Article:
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Domestic Violence

How can I tell if I am being abused?

The answer isn't always obvious. The RYKA ROSE foundation provides the following questions to help you determine whether you are in an abusive relationship. Do you recognize yourself, or a friend, here?

Does the person you love ...

  • Track all of your time?
  • Constantly accuse you of being unfaithful?
  • Discourage your relationships with family and friends?
  • Prevent you from working or attending school?
  • Criticize you for little things?
  • Anger easily when drinking or on drugs?
  • Control all finances and force you to account for what you spend?
  • Humiliate you in front of others?
  • Destroy your personal property or sentimental items?
  • Hit punch, slap, kick, or bite you or your children?
  • Threaten to hurt you or your children?
  • Use or threaten to use a weapon against you?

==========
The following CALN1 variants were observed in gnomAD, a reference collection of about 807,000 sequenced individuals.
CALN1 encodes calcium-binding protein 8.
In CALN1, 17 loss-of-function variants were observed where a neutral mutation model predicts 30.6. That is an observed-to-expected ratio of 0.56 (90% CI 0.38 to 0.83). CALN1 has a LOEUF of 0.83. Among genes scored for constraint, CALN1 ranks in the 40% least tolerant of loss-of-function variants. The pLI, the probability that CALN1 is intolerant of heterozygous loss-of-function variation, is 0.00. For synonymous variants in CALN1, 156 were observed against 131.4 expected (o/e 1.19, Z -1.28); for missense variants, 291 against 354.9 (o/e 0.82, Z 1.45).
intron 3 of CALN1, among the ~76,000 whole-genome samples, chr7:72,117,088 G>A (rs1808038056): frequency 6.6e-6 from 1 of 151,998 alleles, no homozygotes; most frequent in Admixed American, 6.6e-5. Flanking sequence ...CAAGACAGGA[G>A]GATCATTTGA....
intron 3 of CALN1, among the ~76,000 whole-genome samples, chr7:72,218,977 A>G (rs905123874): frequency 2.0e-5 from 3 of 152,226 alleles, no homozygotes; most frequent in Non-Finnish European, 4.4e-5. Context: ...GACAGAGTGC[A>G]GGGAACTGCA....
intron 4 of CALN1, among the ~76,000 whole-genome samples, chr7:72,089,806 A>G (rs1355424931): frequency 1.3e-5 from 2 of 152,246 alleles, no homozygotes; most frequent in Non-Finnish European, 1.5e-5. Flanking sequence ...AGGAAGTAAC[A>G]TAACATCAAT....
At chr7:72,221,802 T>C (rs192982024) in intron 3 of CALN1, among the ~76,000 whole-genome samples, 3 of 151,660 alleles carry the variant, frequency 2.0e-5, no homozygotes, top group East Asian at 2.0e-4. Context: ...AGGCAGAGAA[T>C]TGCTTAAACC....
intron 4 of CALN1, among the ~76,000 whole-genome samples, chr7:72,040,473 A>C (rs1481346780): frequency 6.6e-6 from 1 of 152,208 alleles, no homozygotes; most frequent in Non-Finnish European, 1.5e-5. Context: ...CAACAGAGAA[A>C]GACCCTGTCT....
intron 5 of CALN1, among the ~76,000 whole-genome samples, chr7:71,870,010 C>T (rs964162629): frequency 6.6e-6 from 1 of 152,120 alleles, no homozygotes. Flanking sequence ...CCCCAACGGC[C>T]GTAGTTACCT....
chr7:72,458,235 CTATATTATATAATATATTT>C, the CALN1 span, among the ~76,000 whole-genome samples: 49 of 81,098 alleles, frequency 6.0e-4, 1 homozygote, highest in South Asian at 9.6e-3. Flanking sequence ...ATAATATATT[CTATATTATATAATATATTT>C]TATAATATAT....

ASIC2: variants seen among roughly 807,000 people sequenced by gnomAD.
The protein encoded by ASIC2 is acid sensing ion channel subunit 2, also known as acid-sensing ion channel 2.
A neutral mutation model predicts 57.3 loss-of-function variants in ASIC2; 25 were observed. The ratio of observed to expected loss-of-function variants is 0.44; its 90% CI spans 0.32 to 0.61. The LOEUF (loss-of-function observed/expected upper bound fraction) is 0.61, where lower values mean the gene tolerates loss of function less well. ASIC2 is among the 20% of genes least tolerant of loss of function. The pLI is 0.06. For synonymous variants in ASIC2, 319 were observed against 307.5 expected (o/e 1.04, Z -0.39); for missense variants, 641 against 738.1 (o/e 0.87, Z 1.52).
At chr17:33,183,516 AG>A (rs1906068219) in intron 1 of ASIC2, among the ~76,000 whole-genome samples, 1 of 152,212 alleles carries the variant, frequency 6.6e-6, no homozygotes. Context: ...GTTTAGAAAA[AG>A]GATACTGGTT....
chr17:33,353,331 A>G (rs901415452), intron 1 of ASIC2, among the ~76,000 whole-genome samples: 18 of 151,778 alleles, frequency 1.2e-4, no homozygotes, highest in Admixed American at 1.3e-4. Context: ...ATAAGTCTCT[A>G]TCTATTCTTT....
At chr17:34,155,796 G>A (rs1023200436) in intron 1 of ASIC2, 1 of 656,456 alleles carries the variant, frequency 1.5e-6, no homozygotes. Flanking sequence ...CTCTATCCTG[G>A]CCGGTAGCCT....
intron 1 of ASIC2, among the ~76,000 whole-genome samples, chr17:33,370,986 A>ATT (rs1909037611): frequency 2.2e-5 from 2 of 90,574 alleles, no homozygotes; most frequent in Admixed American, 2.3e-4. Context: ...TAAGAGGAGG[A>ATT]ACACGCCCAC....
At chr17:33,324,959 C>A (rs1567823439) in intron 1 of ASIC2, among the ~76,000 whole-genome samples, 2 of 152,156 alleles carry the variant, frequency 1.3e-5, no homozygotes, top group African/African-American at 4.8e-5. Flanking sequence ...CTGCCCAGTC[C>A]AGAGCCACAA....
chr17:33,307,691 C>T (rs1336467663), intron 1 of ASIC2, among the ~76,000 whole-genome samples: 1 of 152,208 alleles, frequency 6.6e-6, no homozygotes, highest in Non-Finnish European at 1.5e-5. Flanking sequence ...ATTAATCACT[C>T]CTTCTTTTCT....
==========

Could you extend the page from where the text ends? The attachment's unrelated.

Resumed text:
• Force you to have sex against your will?

If you find yourself saying yes to several of these questions, you need to learn more about domestic abuse right away.

What is different about being abused by someone you know?

It may be harder to recognize and to acknowledge that it is happening to you. There are strong emotional and social forces that can keep even a very abusive relationship going for a long, long time.

It can also be emotionally more difficult to decide that you need to take strong action to protect yourself, but knowing your attacker does not change your right to protect yourself.

What to do if you are being abused

If you're in an abusive situation, you should not try to get through it alone. You should get help from a local shelter, a local women's group, or an organization like AWARE.

Your danger may temporarily increase when you try to separate from your abuser, so get help to plan that step carefully. Some sources for that help are local women's shelters (look in the phone book or ask at a police station).